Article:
The California Radiological Society has been actively engaged in educating the community and legislators about benefits of DBT through bifurcated legislative and regulatory campaigns. A National Public Radio (NPR) affiliate in Sacramento produced a segment that focused on both the benefits of DBT in screening and the class action suit filed by a Sacramento woman against Anthem for failure to cover tomosynthesis. CRS Executive Director Robert Achermann was interviewed along with Karen Lindfors, MD, chief of breast imaging at UC Davis. In March of 2017, Anthem Blue Cross of California removed their policy related to denial of DBT as experimental or investigational.
Scope of Practice
Non-physician medical personnel in several states continue to pursue an expansion for scope of practice that would allow them to operate (or supervise use of) X-ray equipment. In particular, registered nurses and nurse practitioners sought to expand the scope of their authorized medical privileges for use and supervision of fluoroscopy in pain management settings. In 2016, a Department of Veterans Affairs (VA) issued a proposal to allow advanced practice nurses at its health care facilities to practice without physician’s clinical oversight, regardless of individual state law. More specifically, the proposal sought to allow CNPs and CRNAs to “order, perform, supervise, and interpret … imaging studies.” In its comments, the College reiterated concerns for the quality of care administered to the nation’s military veterans and urged the VA not to adopt the proposed rule. In its final rule, the Department of Veterans Affairs (VA) opted not to grant advanced practice registered nurses (APRNs) authority to perform, supervise and interpret medical imaging exams. Instead, the VA specified that the APRNs can “order laboratory and imaging studies and integrate the results into clinical decision making.”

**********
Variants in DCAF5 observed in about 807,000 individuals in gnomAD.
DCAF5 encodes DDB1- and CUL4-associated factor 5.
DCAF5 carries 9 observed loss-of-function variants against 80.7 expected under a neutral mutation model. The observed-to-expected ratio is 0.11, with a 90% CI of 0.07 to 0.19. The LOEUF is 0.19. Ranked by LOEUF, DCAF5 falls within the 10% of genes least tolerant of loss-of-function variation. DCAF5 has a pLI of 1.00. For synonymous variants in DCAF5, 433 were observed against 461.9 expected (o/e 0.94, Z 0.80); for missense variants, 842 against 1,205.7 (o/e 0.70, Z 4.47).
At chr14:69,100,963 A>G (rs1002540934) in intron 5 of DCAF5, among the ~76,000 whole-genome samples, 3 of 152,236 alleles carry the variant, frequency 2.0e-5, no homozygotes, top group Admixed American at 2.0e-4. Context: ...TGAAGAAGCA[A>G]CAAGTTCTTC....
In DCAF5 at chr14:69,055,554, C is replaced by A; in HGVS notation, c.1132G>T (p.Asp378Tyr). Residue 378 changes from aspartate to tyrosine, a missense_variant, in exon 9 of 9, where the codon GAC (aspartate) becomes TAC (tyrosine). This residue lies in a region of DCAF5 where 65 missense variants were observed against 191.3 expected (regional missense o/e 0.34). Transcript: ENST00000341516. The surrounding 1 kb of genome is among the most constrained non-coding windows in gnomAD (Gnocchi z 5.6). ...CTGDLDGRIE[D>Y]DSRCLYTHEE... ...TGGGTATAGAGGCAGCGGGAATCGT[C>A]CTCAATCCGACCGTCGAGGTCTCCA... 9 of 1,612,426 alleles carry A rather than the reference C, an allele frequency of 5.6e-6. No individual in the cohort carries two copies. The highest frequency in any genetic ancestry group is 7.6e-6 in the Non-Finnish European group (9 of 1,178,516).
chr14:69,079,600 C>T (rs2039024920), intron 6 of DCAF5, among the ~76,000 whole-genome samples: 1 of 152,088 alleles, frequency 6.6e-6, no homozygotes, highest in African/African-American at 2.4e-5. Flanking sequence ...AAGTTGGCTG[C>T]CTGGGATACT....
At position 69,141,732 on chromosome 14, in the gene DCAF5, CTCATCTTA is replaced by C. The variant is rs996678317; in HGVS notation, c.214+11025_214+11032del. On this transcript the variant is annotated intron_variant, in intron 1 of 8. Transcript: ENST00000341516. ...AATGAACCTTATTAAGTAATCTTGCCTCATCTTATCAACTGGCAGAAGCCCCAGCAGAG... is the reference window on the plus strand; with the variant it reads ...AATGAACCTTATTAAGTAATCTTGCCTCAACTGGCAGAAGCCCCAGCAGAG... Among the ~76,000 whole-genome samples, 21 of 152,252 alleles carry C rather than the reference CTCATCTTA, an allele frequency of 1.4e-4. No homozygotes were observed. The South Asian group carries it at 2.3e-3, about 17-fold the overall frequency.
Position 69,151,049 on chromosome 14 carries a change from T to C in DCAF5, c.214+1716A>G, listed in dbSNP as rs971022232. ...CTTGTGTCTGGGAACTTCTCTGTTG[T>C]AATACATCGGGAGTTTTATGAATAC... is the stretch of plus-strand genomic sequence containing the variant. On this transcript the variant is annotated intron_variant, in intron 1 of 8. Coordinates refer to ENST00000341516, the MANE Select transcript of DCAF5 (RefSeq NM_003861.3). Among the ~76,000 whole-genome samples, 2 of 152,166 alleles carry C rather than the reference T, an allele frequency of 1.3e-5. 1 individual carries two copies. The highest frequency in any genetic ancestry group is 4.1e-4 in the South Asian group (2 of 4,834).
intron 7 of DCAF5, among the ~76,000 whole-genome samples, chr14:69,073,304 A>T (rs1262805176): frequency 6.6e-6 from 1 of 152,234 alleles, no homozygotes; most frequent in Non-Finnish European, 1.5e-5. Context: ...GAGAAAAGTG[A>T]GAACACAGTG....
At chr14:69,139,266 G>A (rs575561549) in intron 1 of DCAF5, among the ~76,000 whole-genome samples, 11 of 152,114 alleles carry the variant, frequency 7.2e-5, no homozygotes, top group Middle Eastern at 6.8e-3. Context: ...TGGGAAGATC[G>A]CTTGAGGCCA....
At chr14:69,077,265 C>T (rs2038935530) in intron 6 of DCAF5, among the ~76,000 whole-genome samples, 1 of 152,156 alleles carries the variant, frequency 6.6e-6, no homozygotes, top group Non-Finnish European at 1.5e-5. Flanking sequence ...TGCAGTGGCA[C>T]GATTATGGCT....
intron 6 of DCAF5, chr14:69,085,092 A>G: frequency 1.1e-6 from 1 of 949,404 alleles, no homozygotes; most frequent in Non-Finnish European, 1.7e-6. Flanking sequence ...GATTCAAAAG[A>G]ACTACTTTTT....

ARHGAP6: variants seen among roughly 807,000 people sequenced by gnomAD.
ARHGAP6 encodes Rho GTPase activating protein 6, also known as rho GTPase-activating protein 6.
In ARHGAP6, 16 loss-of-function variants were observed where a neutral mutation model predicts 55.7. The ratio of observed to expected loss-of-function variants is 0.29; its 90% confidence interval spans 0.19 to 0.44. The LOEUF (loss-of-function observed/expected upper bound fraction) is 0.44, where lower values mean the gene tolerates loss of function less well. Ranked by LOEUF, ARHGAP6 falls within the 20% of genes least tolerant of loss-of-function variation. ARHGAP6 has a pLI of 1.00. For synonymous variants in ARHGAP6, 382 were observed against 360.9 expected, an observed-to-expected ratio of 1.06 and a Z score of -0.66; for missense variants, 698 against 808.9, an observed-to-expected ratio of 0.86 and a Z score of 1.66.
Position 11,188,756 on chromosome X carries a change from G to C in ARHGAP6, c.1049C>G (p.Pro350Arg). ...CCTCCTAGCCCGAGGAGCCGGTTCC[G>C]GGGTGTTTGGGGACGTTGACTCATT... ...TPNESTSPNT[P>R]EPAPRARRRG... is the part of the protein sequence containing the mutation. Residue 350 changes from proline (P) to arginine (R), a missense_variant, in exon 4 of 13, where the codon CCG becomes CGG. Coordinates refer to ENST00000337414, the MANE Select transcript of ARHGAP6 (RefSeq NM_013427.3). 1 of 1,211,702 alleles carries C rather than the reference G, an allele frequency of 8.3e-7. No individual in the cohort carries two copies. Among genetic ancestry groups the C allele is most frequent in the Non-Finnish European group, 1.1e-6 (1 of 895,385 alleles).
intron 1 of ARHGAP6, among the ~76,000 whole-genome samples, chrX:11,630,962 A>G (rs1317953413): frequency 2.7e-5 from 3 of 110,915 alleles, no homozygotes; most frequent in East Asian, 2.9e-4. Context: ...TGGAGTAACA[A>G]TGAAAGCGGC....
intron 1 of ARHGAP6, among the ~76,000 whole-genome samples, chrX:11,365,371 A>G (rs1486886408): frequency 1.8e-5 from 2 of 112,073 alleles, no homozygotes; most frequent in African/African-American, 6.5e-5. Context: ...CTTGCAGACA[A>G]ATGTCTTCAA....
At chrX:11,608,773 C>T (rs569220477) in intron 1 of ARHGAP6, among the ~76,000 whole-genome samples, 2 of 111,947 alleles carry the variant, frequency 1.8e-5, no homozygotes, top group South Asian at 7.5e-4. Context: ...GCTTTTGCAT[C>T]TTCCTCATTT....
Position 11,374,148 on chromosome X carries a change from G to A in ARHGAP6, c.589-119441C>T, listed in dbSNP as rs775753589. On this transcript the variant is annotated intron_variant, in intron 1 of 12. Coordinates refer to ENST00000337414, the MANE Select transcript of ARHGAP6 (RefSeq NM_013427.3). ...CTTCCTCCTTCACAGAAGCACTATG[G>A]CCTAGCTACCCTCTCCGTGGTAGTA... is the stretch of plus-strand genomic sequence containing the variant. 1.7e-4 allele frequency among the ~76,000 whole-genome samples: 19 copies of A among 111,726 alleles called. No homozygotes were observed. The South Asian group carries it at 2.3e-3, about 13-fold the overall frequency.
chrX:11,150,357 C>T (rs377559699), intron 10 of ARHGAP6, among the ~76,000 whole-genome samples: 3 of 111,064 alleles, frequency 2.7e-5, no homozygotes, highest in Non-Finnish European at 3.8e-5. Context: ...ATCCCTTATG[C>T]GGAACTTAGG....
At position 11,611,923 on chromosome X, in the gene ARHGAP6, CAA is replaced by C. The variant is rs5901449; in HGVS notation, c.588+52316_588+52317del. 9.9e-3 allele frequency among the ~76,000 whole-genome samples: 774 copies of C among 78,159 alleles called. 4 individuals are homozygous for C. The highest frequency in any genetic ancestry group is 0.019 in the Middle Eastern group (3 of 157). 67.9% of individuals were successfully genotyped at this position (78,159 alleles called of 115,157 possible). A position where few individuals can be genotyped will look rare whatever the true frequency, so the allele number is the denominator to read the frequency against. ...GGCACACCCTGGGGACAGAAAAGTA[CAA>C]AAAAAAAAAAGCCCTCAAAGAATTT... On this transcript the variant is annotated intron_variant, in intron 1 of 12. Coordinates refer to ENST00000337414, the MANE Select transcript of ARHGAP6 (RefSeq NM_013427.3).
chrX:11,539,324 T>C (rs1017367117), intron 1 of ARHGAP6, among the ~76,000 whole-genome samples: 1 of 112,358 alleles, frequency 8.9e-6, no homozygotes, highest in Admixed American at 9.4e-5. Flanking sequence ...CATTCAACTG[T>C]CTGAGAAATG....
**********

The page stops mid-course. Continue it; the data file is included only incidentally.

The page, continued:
Certificate of Need
Several states considered legislation that proposed modifications to their existing Certificate of Need regulation of medical business practices in 2017. Existing statutes on Certificate of Need (CON) regulations were put in place to control the growth of hospital infrastructure and medical device acquisition, to lessen proliferation of specialty care centers and to limit inappropriate medical imaging utilization. Opponents of CON seek to make significant changes or to dismantle the CON programs altogether. During the 2017 legislative session, the CON issue was in the spotlight in AK, CT, GA, NC and VA. Additionally, bills on patient referrals and utilization management were considered in six states (Arizona, Connecticut, Maryland, New Jersey, New York and Pennsylvania).